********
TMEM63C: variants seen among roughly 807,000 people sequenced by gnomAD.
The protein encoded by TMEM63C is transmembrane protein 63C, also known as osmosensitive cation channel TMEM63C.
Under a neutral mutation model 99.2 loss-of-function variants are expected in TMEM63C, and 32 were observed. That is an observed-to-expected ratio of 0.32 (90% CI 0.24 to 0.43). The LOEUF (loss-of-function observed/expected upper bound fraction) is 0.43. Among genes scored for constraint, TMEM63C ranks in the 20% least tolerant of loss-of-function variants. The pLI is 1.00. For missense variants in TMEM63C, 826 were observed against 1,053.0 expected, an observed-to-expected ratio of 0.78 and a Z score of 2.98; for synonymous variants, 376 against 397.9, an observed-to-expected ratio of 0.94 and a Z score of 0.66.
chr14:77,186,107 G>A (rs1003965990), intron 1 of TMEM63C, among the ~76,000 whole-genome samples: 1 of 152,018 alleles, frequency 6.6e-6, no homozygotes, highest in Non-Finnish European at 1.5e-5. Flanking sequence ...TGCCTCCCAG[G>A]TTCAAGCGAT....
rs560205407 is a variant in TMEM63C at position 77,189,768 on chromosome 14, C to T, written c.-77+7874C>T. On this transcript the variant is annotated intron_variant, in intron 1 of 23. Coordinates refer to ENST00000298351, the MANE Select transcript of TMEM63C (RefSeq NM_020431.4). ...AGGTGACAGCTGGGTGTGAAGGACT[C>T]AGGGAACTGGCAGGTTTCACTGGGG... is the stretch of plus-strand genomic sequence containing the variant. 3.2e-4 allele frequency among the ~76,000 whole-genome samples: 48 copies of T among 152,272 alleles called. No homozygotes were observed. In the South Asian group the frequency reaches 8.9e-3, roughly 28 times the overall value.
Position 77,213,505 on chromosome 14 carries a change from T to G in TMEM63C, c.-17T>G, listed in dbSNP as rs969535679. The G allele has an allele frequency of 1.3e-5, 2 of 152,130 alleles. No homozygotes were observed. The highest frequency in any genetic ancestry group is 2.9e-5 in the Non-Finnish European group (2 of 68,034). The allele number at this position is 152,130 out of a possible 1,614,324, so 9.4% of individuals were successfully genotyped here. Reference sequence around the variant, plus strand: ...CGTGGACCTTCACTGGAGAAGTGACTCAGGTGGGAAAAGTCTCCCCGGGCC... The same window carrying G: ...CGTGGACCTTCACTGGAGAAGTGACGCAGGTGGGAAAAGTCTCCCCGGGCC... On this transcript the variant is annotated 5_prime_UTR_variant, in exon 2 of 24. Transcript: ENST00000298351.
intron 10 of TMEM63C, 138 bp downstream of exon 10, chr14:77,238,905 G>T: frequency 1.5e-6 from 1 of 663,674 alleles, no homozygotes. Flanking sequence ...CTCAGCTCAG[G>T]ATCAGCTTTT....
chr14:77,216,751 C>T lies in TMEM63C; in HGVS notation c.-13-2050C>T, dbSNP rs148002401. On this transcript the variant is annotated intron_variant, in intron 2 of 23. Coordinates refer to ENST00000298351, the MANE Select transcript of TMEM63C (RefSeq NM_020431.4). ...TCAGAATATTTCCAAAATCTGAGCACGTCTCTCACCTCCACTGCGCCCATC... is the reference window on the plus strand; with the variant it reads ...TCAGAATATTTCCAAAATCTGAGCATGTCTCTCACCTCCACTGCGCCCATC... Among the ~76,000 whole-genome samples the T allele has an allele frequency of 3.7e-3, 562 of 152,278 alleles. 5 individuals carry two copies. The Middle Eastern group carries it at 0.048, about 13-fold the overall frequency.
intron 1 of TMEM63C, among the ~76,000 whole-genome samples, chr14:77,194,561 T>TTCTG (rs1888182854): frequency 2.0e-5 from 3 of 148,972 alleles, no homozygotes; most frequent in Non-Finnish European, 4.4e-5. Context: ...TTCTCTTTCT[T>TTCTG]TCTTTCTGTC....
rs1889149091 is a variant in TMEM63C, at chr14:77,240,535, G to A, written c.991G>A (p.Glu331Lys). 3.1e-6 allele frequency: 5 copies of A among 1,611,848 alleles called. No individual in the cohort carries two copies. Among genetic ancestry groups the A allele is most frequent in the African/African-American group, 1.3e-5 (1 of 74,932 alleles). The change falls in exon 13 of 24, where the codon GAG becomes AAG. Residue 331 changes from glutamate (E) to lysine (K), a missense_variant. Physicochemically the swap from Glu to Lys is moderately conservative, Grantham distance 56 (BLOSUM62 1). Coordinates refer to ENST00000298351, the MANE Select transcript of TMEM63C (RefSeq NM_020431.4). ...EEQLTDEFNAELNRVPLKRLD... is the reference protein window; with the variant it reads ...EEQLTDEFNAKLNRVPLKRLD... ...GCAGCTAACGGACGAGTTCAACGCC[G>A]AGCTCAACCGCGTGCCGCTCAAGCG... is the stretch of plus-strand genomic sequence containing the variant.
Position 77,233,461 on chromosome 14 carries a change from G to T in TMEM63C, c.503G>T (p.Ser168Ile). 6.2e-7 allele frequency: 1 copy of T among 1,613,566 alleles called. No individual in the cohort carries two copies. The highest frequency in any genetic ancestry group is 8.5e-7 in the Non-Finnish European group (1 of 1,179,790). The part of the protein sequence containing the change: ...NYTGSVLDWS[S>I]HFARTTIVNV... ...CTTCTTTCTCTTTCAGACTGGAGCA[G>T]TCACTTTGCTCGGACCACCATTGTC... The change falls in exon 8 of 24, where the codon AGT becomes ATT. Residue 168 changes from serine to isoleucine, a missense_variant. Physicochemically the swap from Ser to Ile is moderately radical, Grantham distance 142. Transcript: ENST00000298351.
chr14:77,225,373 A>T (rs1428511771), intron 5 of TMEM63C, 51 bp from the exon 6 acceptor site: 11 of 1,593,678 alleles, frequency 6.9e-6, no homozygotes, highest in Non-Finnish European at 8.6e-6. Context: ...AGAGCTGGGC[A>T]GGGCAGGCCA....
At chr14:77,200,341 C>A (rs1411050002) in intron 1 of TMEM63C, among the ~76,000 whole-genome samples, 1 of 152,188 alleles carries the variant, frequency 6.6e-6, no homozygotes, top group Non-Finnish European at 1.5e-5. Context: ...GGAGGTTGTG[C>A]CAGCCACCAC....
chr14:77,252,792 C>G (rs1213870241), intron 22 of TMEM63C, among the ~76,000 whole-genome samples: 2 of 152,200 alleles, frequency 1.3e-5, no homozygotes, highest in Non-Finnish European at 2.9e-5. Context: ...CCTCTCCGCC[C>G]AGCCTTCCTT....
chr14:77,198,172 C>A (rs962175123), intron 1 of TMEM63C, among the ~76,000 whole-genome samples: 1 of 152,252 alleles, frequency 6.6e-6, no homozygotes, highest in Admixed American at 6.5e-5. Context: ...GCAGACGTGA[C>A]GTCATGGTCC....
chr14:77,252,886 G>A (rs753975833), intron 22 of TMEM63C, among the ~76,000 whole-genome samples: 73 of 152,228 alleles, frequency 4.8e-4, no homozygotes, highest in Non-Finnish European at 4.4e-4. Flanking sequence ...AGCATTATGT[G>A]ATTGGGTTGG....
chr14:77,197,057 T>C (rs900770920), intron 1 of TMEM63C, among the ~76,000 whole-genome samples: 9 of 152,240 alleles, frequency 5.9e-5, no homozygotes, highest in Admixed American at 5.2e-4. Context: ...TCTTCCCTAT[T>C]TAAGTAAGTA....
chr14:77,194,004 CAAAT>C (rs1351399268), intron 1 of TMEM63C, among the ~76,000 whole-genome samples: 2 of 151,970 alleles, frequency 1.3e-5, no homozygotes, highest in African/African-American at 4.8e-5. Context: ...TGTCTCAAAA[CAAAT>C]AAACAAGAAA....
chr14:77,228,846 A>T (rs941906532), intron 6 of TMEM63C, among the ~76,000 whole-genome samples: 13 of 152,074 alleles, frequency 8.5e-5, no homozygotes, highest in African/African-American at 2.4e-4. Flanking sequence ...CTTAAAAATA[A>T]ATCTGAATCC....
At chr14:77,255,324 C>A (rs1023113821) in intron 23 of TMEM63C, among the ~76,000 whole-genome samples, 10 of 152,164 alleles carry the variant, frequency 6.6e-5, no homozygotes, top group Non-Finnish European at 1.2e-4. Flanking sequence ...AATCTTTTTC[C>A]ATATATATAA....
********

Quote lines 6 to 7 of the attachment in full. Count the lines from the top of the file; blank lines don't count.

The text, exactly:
Position 77,213,505 on chromosome 14 carries a change from T to G in TMEM63C, c.-17T>G, listed in dbSNP as rs969535679. The G allele has an allele frequency of 1.3e-5, 2 of 152,130 alleles. No homozygotes were observed. The highest frequency in any genetic ancestry group is 2.9e-5 in the Non-Finnish European group (2 of 68,034). The allele number at this position is 152,130 out of a possible 1,614,324, so 9.4% of individuals were successfully genotyped here. Reference sequence around the variant, plus strand: ...CGTGGACCTTCACTGGAGAAGTGACTCAGGTGGGAAAAGTCTCCCCGGGCC... The same window carrying G: ...CGTGGACCTTCACTGGAGAAGTGACGCAGGTGGGAAAAGTCTCCCCGGGCC... On this transcript the variant is annotated 5_prime_UTR_variant, in exon 2 of 24. Transcript: ENST00000298351.
intron 10 of TMEM63C, 138 bp downstream of exon 10, chr14:77,238,905 G>T: frequency 1.5e-6 from 1 of 663,674 alleles, no homozygotes. Flanking sequence ...CTCAGCTCAG[G>T]ATCAGCTTTT....